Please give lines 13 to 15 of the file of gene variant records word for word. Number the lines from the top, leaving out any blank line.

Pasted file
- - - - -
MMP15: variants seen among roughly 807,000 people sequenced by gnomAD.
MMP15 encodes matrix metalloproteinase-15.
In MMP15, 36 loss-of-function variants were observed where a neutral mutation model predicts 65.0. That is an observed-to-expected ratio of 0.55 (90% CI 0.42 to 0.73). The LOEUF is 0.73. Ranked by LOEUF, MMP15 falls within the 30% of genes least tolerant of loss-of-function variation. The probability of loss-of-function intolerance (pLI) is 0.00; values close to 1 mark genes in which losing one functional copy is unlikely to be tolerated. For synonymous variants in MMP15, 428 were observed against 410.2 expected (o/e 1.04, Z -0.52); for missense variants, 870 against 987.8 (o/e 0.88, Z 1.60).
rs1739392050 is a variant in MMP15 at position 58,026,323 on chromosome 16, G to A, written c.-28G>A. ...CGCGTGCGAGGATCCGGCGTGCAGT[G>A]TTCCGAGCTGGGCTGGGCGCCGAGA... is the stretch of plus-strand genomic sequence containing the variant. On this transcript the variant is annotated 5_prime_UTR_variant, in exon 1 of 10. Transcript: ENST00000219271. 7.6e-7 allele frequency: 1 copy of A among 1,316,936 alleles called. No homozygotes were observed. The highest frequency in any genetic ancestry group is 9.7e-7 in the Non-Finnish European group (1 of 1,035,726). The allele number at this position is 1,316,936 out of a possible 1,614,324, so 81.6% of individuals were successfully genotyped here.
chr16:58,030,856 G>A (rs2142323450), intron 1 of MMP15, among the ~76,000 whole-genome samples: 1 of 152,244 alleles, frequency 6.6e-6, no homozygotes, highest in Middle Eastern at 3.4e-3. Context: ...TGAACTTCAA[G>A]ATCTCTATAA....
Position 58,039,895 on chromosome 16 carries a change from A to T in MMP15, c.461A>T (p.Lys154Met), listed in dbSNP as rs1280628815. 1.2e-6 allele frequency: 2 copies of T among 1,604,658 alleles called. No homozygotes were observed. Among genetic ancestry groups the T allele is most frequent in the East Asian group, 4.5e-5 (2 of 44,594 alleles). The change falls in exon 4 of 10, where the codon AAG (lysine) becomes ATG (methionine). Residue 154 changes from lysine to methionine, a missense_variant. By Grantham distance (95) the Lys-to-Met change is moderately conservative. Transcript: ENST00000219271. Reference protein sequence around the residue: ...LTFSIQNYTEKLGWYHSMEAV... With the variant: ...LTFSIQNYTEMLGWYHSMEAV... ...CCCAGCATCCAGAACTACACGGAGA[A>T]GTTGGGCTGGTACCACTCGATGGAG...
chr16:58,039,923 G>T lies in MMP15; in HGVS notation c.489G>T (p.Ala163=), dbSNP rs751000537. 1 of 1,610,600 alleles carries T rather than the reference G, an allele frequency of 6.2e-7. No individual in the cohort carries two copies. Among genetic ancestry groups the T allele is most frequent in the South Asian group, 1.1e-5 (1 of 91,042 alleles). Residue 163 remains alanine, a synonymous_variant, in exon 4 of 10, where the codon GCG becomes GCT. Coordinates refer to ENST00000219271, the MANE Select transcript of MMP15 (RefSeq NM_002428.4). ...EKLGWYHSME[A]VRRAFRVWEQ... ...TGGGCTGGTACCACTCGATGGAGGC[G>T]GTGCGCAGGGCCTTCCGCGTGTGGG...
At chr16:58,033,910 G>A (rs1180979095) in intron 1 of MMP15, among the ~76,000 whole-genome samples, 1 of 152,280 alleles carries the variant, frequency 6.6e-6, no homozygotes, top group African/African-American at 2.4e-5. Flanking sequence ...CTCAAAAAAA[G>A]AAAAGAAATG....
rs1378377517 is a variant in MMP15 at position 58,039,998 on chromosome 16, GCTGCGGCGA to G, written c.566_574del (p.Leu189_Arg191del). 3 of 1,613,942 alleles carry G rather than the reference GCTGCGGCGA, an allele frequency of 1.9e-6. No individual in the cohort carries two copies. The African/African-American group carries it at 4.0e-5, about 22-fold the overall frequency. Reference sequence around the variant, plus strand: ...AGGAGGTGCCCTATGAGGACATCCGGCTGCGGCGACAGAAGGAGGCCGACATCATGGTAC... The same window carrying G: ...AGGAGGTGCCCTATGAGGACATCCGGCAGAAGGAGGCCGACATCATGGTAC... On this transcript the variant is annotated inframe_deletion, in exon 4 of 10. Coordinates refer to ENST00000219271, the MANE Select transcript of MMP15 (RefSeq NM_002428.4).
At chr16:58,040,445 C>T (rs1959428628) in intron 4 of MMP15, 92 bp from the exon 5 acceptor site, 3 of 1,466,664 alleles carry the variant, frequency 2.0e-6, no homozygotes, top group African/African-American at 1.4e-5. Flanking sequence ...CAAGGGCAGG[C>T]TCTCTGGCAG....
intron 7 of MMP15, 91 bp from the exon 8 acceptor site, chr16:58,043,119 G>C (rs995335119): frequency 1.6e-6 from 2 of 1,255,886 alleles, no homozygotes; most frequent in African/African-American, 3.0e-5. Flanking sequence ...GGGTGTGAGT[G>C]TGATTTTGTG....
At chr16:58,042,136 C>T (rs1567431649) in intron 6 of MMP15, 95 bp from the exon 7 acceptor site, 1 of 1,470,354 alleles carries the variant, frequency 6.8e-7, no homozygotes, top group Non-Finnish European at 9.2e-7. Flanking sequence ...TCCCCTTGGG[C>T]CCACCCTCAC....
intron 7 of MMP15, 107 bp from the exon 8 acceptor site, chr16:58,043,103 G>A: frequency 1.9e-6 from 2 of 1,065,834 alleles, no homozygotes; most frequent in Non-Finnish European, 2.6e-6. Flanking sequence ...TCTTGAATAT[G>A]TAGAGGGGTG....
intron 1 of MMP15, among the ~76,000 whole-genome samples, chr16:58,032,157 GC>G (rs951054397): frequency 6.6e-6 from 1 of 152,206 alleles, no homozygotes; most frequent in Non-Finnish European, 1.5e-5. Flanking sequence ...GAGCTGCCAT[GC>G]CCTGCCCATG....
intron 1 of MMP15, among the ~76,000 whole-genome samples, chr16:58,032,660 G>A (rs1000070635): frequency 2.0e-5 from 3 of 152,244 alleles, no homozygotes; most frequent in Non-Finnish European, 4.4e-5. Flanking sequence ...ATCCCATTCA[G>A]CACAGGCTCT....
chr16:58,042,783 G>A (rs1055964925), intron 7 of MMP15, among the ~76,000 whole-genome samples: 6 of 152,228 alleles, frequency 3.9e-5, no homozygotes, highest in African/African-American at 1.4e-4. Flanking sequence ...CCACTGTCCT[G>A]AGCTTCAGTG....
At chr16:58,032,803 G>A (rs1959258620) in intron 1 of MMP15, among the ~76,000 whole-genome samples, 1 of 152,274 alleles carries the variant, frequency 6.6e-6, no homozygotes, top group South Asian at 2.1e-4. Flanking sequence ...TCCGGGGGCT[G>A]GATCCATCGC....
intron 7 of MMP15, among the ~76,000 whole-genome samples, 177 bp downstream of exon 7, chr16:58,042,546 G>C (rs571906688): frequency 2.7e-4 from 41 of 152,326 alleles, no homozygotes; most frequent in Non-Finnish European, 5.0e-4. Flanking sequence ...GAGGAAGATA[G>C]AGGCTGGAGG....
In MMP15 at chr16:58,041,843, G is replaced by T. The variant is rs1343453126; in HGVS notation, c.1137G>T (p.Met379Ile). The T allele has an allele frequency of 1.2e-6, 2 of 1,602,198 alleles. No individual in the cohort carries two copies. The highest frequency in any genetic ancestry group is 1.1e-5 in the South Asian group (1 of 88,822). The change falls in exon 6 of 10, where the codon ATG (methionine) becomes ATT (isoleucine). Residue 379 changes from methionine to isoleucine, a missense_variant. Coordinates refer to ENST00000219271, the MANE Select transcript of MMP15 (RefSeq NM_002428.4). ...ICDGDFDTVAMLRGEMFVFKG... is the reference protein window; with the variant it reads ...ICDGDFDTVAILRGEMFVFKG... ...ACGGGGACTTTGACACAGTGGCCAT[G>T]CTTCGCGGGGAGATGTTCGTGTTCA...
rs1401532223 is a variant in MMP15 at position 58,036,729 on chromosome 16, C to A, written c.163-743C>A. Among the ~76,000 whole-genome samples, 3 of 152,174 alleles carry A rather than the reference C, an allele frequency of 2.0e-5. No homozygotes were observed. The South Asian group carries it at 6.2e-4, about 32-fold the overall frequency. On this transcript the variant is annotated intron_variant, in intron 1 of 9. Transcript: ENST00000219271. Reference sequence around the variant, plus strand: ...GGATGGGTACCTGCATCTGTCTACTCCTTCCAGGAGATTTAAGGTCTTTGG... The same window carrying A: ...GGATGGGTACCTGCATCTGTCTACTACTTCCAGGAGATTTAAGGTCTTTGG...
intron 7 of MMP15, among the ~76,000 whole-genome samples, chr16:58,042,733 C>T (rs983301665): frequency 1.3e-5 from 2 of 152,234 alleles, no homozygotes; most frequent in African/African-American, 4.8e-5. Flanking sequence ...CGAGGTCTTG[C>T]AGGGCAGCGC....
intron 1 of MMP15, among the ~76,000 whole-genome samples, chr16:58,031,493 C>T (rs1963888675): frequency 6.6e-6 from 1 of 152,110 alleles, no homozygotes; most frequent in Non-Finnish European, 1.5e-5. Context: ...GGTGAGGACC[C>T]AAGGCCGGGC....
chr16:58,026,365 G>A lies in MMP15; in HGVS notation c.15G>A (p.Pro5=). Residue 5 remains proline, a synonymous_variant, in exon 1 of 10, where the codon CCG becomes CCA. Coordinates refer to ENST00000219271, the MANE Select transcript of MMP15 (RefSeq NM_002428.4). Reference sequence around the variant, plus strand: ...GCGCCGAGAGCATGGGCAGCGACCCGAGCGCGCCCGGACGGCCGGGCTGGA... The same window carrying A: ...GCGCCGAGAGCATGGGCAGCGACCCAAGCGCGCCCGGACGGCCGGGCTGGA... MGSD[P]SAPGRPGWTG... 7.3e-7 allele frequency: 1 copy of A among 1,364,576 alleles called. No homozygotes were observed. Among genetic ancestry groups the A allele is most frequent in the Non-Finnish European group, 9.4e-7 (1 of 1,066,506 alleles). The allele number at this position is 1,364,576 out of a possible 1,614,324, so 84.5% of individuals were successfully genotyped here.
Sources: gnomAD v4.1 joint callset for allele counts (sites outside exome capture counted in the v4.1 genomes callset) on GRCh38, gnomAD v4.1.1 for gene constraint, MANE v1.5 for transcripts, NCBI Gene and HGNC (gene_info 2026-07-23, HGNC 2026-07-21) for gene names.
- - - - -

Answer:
intron 7 of MMP15, 107 bp from the exon 8 acceptor site, chr16:58,043,103 G>A: frequency 1.9e-6 from 2 of 1,065,834 alleles, no homozygotes; most frequent in Non-Finnish European, 2.6e-6. Flanking sequence ...TCTTGAATAT[G>A]TAGAGGGGTG....
intron 1 of MMP15, among the ~76,000 whole-genome samples, chr16:58,032,157 GC>G (rs951054397): frequency 6.6e-6 from 1 of 152,206 alleles, no homozygotes; most frequent in Non-Finnish European, 1.5e-5. Flanking sequence ...GAGCTGCCAT[GC>G]CCTGCCCATG....
intron 1 of MMP15, among the ~76,000 whole-genome samples, chr16:58,032,660 G>A (rs1000070635): frequency 2.0e-5 from 3 of 152,244 alleles, no homozygotes; most frequent in Non-Finnish European, 4.4e-5. Flanking sequence ...ATCCCATTCA[G>A]CACAGGCTCT....